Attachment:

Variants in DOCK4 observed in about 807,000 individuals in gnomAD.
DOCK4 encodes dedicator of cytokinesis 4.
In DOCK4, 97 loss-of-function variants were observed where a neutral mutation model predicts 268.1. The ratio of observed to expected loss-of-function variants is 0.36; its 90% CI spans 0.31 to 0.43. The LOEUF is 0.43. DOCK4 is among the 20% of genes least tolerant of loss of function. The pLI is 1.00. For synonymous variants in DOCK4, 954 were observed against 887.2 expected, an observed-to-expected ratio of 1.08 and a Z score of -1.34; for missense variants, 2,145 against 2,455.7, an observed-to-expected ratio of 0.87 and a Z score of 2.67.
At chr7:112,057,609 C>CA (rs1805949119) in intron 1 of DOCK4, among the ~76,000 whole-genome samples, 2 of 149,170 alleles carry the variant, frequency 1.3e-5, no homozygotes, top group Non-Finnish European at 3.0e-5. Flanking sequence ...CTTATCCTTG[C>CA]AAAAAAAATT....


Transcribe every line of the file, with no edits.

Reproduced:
Variants in DOCK4 observed in about 807,000 individuals in gnomAD.
DOCK4 encodes dedicator of cytokinesis 4.
In DOCK4, 97 loss-of-function variants were observed where a neutral mutation model predicts 268.1. The ratio of observed to expected loss-of-function variants is 0.36; its 90% CI spans 0.31 to 0.43. The LOEUF is 0.43. DOCK4 is among the 20% of genes least tolerant of loss of function. The pLI is 1.00. For synonymous variants in DOCK4, 954 were observed against 887.2 expected, an observed-to-expected ratio of 1.08 and a Z score of -1.34; for missense variants, 2,145 against 2,455.7, an observed-to-expected ratio of 0.87 and a Z score of 2.67.
At chr7:112,057,609 C>CA (rs1805949119) in intron 1 of DOCK4, among the ~76,000 whole-genome samples, 2 of 149,170 alleles carry the variant, frequency 1.3e-5, no homozygotes, top group Non-Finnish European at 3.0e-5. Flanking sequence ...CTTATCCTTG[C>CA]AAAAAAAATT....